Coal mining. Bad management. Runoff from cities and farms. These are all things that are creating major problems for America’s rivers, according to a new report.
The report, released Tuesday by American Rivers, lists ten of the most threatened rivers in the country. These rivers all have two things in common: they’re threatened by mismanagement or various sources of pollution, and they’re all facing major policy decisions in the coming year that could either exacerbate those threats or rein them in. Millions of people depend on these rivers for drinking water, and the waterways are crucial habitats for a wide array of aquatic life.
Here are four of the most threatened rivers highlighted by the report:
Russel Fork River
One of the most dangerous developments a river can face is threatening the Russel Fork River: Mountaintop removal mining. The river, which runs along the border of Virginia and Kentucky, could be contaminated by mine waste if the proposed Doe Branch coal mine in Virginia is given the go-ahead by the U.S. EPA and state of Virginia. The mountaintop removal mine would “discharge toxic wastewater into Barts Lick Creek, Slate Branch, Wolfpen Branch, and Doe Branch — all tributaries to the Russell Fork River,” the report explains. “As with many other mountaintop removal mines in the area, Doe Branch would likely discharge a host of pollutants including iron, manganese, sulfate, and sediment, as well as toxins such as selenium, beryllium, and arsenic.”
These chemicals can seriously harm aquatic life living in the waterway, which in Russel Fork’s case includes trout — the river is a major trout fishery — and smallmouth bass. The river is also a tributary for the Big Sandy River, where several species of endangered mussels and crayfish live.
Russel Fork is also prized for its recreation: The river is a major kayaking destination, as it has some of the most difficult rapids in the southeast. Last year, Breaks Interstate Park, through which the river runs, generated nearly $10 million in Kentucky and Virginia. That’s huge, because recreation — including hiking, boating, and fishing — is seen as a major economic alternative for Appalachian communities struggling with the decline of coal. The Russel Fork River could be part of that economic transition, but not if mountaintop removal — a highly destructive process that involves blasting the tops off of mountains to get to coal underneath the surface — is allowed to pollute it. The EPA still has the ability to halt the project, something the report recommends it does.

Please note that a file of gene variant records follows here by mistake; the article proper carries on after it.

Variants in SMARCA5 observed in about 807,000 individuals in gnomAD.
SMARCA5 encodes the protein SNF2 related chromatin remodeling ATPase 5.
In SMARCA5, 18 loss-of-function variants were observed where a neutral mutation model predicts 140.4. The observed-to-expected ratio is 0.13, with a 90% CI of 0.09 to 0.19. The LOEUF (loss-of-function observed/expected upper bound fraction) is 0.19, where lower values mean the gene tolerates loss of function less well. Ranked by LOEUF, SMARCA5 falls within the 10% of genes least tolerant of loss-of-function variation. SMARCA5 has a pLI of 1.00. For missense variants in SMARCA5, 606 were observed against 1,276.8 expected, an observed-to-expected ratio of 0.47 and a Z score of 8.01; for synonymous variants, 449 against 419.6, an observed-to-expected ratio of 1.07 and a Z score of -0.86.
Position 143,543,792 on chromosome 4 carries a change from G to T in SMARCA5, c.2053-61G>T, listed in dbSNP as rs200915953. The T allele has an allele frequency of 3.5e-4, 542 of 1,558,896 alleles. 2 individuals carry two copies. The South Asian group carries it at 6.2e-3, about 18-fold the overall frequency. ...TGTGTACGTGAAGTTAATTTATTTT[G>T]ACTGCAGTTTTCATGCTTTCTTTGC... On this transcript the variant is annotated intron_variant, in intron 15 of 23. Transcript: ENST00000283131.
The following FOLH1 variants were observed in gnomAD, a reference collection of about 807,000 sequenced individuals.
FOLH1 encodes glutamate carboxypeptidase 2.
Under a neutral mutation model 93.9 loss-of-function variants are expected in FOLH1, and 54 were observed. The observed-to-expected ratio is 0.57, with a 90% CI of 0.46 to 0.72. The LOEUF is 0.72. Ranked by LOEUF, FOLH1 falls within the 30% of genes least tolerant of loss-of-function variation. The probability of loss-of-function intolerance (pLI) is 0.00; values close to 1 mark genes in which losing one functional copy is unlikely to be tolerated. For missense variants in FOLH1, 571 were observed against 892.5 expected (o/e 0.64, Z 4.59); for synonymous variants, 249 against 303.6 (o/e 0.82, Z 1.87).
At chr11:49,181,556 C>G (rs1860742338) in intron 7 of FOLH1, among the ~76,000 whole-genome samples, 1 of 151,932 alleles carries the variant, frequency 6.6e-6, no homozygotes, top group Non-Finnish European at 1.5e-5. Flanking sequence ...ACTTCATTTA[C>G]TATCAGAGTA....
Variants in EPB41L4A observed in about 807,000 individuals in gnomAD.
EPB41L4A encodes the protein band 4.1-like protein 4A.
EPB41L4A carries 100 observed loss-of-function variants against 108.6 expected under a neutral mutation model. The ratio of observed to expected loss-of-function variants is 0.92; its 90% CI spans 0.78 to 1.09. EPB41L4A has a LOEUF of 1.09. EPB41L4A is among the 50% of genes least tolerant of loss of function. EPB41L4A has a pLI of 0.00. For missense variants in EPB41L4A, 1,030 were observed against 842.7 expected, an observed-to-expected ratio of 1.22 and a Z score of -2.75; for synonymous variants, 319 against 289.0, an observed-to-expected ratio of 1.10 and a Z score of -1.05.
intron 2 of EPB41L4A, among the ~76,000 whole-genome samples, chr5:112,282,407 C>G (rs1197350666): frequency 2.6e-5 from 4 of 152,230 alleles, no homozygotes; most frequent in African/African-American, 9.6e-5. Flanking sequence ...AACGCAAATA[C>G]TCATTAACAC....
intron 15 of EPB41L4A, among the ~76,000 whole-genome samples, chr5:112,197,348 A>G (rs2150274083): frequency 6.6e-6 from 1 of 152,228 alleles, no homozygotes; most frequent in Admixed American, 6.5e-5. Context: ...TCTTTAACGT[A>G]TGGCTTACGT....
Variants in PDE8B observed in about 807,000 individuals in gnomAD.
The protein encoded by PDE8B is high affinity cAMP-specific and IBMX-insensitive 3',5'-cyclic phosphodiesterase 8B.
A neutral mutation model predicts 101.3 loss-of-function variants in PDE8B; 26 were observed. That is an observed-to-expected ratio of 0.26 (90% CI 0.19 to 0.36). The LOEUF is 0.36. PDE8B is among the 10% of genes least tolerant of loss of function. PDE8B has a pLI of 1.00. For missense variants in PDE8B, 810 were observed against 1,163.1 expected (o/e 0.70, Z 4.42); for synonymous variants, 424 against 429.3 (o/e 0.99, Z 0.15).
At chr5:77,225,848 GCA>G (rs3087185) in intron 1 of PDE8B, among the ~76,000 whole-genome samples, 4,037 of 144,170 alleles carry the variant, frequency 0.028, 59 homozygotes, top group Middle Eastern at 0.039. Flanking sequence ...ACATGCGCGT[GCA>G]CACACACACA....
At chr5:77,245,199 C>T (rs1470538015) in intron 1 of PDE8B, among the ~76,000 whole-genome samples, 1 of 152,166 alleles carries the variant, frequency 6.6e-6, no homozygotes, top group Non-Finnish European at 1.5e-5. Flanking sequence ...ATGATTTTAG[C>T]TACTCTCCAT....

The Apalachicola, Chattahoochee, and Flint Rivers
These three rivers make up a basin that provides 70 percent of the drinking water for metro Atlanta, Georgia. But the rivers have been embroiled in a water dispute between Alabama, Florida, and Georgia for decades, and the states, along with Congress and the Army Corps of Engineers, haven’t managed the rivers as well as they should have, according to the report.
The rivers are being stressed by too-high consumption levels, the report states, which is wreaking havoc on ecosystems. They flow into the Apalachicola Bay, which is home to over 300 species of birds, 186 species of fish, and 57 species of mammals. But high consumption levels have meant trouble for the bay, which experienced a major decline in fish, shrimp, oyster, and crab populations in 2012.
Alabama, Georgia, and Florida need to work together to develop a sustainable plan for water allocation, the report states. Right now, the states are waiting to see how a 2013 lawsuit filed by Florida against Georgia in the U.S. Supreme Court over the dispute ends up: the case, currently, is being examined by a special master of the court.
“Unless a negotiated settlement breaks the litigation cycle, the Special Master’s decree, for better or worse, may have long-term and unforeseeable consequences,” the report states.
Half a million people depend on the Merrimack River for drinking water, but the New Hampshire and Massachusetts-based river is struggling with runoff pollution. Development along the river has turned forestland into pavement. This removes the vital filtration service trees provide and exacerbates runoff, which occurs when rain washes pollutants from cars, lawns, buses, farms, and other sources into bodies of water, worsening water quality. According to the report, “the Forest Service ranks the Merrimack River watershed as the most threatened in the country due to the development of forest lands, fourth for associated threats to water quality, and seventh for loss of habitat for species at risk.”
And the future could be even worse for the Merrimack. As the watershed’s population grows, 40 to 63 percent of its forest is predicted to be cut down for development by 2030. Protecting forest along the Merrimack is key to ensure its health, the report states, and also to ensure the health of the Gulf of Maine, into which the Merrimack drains.
Copper mining is the biggest threat to the Smith River, which winds through Montana. A Canadian company wants to mine for the metal underneath and beside Sheep Creek, one of the river’s headwater streams. This mine could leach heavy metals into any nearby bodies of water, create nitrate-high wastewater, and has the potential to contaminate drinking water with arsenic. Montana is no stranger to the dangers posed by heavy metal mining: 120 miles of the state’s Clark Fork River is designated as a Superfund site due to arsenic, copper, zinc, lead, and cadmium contamination from an old copper mine.
American Rivers recommends that Montana Gov. Steve Bullock require that the mining company “ensure with 100 percent certainty” that its proposed mine won’t impact water quality or the population of trout in the Smith River and its tributaries. The river is hugely popular for fishing and floating: Last year, more than 8,000 people applied for permits to float the river, which are limited to 1,175.